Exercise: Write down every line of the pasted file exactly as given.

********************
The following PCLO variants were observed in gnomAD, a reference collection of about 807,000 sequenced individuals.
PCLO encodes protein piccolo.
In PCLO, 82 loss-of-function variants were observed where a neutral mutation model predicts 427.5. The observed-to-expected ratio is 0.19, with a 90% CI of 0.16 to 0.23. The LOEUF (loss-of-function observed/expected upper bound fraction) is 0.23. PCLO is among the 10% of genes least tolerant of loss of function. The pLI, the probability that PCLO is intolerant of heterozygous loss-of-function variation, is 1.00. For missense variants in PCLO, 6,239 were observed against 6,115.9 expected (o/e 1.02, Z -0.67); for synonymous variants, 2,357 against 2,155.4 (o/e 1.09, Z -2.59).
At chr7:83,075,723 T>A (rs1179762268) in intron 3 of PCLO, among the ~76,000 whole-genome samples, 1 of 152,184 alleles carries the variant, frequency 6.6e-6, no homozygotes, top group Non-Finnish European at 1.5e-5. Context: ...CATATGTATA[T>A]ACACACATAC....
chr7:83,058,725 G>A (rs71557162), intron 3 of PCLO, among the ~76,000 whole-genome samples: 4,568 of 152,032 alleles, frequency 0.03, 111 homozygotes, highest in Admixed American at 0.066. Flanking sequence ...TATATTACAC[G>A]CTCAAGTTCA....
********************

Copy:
The following PCLO variants were observed in gnomAD, a reference collection of about 807,000 sequenced individuals.
PCLO encodes protein piccolo.
In PCLO, 82 loss-of-function variants were observed where a neutral mutation model predicts 427.5. The observed-to-expected ratio is 0.19, with a 90% CI of 0.16 to 0.23. The LOEUF (loss-of-function observed/expected upper bound fraction) is 0.23. PCLO is among the 10% of genes least tolerant of loss of function. The pLI, the probability that PCLO is intolerant of heterozygous loss-of-function variation, is 1.00. For missense variants in PCLO, 6,239 were observed against 6,115.9 expected (o/e 1.02, Z -0.67); for synonymous variants, 2,357 against 2,155.4 (o/e 1.09, Z -2.59).
At chr7:83,075,723 T>A (rs1179762268) in intron 3 of PCLO, among the ~76,000 whole-genome samples, 1 of 152,184 alleles carries the variant, frequency 6.6e-6, no homozygotes, top group Non-Finnish European at 1.5e-5. Context: ...CATATGTATA[T>A]ACACACATAC....
chr7:83,058,725 G>A (rs71557162), intron 3 of PCLO, among the ~76,000 whole-genome samples: 4,568 of 152,032 alleles, frequency 0.03, 111 homozygotes, highest in Admixed American at 0.066. Flanking sequence ...TATATTACAC[G>A]CTCAAGTTCA....